How falling house prices are spelling disaster for small businesses

While it’s no secret that small business stress can lead to personal mortgage difficulties, signs are emerging that the reverse may now also hold true.

With property values declining across the country and bank interest rates on the rise, the danger for those who are using their homes as a guarantee to fund their businesses is becoming increasingly apparent.

Trent D.
Trent Devine

Jirsch Sutherland partner Trent Devine, believes that while the huge boom-fuelled increase in home equity has allowed many businesses to remain afloat, the current reduction of property values may now cause many to run aground.

“Any business that has used personal finances for business borrowings is now at risk,” he says. “That’s because we now have an environment where property prices are falling, which means reduced levels of equity with which to finance or prop up a business. In the past, we’ve seen many cases where small businesses in trouble have created personal financial problems for the owner. Now we seem to be at the start of a cycle where it’s working the other way.”

Trent says the practice of using homes to finance new small businesses (often mum-and-dad or husband-and-wife companies) is extremely common in Australia, adding that the past 12-months has seen an increase in small business stress as a result of declining home values.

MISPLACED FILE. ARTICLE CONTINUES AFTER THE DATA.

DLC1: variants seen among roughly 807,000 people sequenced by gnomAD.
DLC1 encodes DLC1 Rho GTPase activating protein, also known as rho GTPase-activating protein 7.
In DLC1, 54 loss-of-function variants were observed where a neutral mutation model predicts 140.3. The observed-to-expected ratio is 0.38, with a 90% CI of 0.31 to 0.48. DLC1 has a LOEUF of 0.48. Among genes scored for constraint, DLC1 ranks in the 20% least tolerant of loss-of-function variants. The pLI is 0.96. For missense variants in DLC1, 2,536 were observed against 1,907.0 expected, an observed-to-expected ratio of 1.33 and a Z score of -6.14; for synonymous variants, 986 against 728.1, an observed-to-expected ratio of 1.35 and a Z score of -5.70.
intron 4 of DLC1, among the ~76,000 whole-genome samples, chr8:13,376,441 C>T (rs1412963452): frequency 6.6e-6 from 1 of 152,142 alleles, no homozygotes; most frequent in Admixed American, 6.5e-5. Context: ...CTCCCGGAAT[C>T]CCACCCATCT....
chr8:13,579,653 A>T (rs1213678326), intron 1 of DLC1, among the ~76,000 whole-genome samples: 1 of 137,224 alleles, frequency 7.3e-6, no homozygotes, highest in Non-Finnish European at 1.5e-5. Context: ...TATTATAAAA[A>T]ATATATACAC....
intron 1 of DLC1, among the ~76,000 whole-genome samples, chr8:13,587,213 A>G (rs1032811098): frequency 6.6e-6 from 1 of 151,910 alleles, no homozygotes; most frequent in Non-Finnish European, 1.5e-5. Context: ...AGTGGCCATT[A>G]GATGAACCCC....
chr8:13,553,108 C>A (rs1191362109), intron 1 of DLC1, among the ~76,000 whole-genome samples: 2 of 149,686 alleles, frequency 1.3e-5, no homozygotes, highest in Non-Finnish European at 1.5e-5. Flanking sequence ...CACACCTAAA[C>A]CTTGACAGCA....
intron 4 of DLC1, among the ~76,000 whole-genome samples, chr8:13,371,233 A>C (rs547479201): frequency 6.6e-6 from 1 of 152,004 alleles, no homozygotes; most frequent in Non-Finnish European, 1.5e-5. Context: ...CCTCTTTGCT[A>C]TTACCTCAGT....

“I think you’d find the majority of people with a start-up small business would use capital from their homes to start out, which obviously is a concern when things turn for the worse,” he says. “Borrowing from home equity to start a business has always happened, and with the huge price increases of recent years, struggling businesses have been able to lean on that equity. Now, with price drops and other factors, resulting difficulties can easily flow on to business.”

Muddied waters

Trent says the potential for business insolvency often stems from an ill-advised link between business and household finances – a situation he says is nonetheless unavoidable for many in the early stages of a new venture.

“Small companies often use the same bank for the business that they use for personal banking, so therefore they’re likely cross-collateralised,” he explains. “They may have their mortgage and business loan with the same bank. They don’t separate one from the other.”

Significantly, falling home values and a reduction in available equity are not the only problems faced by businesses. Mortgage stress triggered by factors such as flat wages growth, rising living costs, and growing levels of underemployment may also filter through to the ability of owners to sustain their company.

“Rises in interest rates, which we’ve just started to see, and resulting mortgage stress can certainly flow onto businesses,” he says. “If a business is struggling, banks might now note that there’s now no property to support that business because the mortgage is under stress. Clearly, this means that business insolvency becomes a strong possibility.”

When it comes to avoiding such risks, Trent says that treating home and business finances as separate entities is vital.

“Make sure to keep personal and company assets separate, and use different banks for business and personal uses so that cross-collateralisation is not an issue,” he advises. “Providing a secured loan to the business rather than opting for a capital injection might also be an option. Removing a house as a security measure as the business gets stronger is also a good idea. However, that might be a difficult thing to do right now.”